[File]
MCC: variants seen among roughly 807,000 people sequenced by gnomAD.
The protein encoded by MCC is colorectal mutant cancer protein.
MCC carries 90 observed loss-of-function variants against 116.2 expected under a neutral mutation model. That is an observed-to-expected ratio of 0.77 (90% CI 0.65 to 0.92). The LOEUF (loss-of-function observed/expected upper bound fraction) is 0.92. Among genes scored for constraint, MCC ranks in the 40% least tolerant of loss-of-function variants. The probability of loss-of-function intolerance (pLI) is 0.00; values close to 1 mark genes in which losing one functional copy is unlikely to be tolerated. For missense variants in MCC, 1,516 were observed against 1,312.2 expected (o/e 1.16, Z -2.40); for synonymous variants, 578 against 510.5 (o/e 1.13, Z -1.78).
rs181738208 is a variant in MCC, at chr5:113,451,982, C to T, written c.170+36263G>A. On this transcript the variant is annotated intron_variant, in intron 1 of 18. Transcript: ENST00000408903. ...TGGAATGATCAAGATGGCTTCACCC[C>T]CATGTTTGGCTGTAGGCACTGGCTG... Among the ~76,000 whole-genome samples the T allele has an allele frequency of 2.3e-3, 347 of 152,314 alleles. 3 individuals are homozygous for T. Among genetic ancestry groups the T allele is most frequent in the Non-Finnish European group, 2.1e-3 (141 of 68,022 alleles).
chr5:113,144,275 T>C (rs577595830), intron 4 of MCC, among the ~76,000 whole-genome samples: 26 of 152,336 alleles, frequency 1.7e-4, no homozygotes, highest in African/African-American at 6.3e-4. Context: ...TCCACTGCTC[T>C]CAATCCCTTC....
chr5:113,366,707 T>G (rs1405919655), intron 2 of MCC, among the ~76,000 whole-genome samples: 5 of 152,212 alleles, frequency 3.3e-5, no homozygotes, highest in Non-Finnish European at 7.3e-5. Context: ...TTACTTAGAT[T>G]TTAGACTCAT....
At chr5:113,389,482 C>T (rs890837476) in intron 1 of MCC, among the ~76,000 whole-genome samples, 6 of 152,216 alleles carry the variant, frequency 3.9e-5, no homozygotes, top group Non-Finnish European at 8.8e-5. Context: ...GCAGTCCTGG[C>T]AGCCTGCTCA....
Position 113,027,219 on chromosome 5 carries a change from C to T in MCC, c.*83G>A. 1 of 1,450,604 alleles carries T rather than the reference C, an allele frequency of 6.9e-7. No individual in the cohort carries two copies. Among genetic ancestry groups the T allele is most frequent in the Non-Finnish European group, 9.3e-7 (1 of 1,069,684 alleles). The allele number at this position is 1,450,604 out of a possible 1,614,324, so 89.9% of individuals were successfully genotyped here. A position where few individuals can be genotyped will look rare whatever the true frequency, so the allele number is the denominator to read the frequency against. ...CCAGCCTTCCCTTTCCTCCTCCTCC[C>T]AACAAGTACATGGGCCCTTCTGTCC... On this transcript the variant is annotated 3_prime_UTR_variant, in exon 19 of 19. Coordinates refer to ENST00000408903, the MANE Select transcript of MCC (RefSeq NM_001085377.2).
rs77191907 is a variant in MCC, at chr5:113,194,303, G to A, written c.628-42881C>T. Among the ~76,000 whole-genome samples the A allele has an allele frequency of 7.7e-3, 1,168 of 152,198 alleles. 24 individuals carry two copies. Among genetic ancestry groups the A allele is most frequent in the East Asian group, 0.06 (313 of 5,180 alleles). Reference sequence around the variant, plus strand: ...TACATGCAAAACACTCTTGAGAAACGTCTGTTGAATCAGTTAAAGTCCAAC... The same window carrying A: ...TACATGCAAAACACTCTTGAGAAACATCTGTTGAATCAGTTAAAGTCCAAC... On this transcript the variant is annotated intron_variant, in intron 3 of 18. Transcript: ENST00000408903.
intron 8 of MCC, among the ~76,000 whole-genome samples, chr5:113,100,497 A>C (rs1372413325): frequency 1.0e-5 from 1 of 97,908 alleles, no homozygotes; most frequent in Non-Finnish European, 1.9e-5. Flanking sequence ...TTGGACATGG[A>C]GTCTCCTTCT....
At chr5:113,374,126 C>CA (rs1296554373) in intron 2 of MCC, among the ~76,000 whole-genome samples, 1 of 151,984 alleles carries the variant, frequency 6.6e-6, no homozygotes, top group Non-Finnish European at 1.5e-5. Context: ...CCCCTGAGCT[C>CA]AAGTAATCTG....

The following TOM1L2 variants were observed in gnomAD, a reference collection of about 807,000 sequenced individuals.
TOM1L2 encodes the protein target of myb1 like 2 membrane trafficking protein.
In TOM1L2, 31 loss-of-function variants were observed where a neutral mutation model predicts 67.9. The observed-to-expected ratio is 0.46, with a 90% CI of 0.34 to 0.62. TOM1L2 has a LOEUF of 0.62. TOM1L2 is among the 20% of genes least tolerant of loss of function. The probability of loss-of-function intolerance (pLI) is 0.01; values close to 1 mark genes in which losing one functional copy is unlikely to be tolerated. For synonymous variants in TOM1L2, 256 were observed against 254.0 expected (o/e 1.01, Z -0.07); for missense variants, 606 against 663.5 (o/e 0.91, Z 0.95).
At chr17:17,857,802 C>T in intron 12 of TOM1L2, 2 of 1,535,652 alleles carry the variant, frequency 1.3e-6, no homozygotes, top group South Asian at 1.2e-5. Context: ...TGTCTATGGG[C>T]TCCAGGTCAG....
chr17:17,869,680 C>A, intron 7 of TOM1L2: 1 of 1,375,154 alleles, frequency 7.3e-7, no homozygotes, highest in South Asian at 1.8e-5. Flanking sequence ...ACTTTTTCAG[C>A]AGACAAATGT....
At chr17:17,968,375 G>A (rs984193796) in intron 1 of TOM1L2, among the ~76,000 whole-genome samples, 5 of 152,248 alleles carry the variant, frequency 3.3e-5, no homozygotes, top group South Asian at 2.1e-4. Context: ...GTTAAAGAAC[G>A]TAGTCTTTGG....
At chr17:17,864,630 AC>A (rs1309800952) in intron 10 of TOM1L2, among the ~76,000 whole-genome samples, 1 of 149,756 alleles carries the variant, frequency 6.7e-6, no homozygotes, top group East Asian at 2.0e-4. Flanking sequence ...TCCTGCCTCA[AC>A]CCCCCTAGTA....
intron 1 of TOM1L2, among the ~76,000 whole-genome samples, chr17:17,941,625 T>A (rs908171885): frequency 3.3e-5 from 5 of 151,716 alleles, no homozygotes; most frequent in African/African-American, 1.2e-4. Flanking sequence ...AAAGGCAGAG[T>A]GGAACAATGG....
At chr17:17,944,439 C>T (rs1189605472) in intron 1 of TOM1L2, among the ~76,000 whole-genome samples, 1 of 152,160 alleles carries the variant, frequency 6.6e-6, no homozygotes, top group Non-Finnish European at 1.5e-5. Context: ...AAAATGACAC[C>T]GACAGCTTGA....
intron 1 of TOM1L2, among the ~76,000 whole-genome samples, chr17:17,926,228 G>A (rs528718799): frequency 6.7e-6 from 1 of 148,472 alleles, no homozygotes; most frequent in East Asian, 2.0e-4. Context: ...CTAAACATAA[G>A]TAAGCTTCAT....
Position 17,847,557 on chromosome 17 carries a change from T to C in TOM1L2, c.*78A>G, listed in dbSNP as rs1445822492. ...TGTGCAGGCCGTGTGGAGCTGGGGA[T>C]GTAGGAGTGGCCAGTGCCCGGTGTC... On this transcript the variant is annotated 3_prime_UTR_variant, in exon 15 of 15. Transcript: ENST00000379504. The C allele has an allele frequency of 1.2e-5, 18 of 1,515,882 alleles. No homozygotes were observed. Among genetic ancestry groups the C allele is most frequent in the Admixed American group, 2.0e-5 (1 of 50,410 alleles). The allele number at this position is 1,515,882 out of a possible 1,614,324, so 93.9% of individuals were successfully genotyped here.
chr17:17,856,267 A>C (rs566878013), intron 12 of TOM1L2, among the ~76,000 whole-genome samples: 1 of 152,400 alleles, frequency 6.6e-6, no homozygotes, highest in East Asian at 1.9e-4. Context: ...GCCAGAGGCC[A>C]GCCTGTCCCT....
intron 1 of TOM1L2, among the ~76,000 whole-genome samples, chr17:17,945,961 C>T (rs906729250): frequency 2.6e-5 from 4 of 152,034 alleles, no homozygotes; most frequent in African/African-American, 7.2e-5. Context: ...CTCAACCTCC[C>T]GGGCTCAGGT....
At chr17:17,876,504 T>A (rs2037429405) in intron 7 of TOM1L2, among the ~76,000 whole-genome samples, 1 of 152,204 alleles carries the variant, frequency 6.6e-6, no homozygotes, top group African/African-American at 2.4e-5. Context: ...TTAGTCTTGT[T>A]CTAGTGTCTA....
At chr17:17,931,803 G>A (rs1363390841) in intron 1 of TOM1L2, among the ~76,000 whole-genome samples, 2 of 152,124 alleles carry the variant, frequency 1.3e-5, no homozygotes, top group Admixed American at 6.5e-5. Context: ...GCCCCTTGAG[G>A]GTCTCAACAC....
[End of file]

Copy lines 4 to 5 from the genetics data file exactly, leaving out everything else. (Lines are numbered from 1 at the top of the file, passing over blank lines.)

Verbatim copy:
rs181738208 is a variant in MCC, at chr5:113,451,982, C to T, written c.170+36263G>A. On this transcript the variant is annotated intron_variant, in intron 1 of 18. Transcript: ENST00000408903. ...TGGAATGATCAAGATGGCTTCACCC[C>T]CATGTTTGGCTGTAGGCACTGGCTG... Among the ~76,000 whole-genome samples the T allele has an allele frequency of 2.3e-3, 347 of 152,314 alleles. 3 individuals are homozygous for T. Among genetic ancestry groups the T allele is most frequent in the Non-Finnish European group, 2.1e-3 (141 of 68,022 alleles).
chr5:113,144,275 T>C (rs577595830), intron 4 of MCC, among the ~76,000 whole-genome samples: 26 of 152,336 alleles, frequency 1.7e-4, no homozygotes, highest in African/African-American at 6.3e-4. Context: ...TCCACTGCTC[T>C]CAATCCCTTC....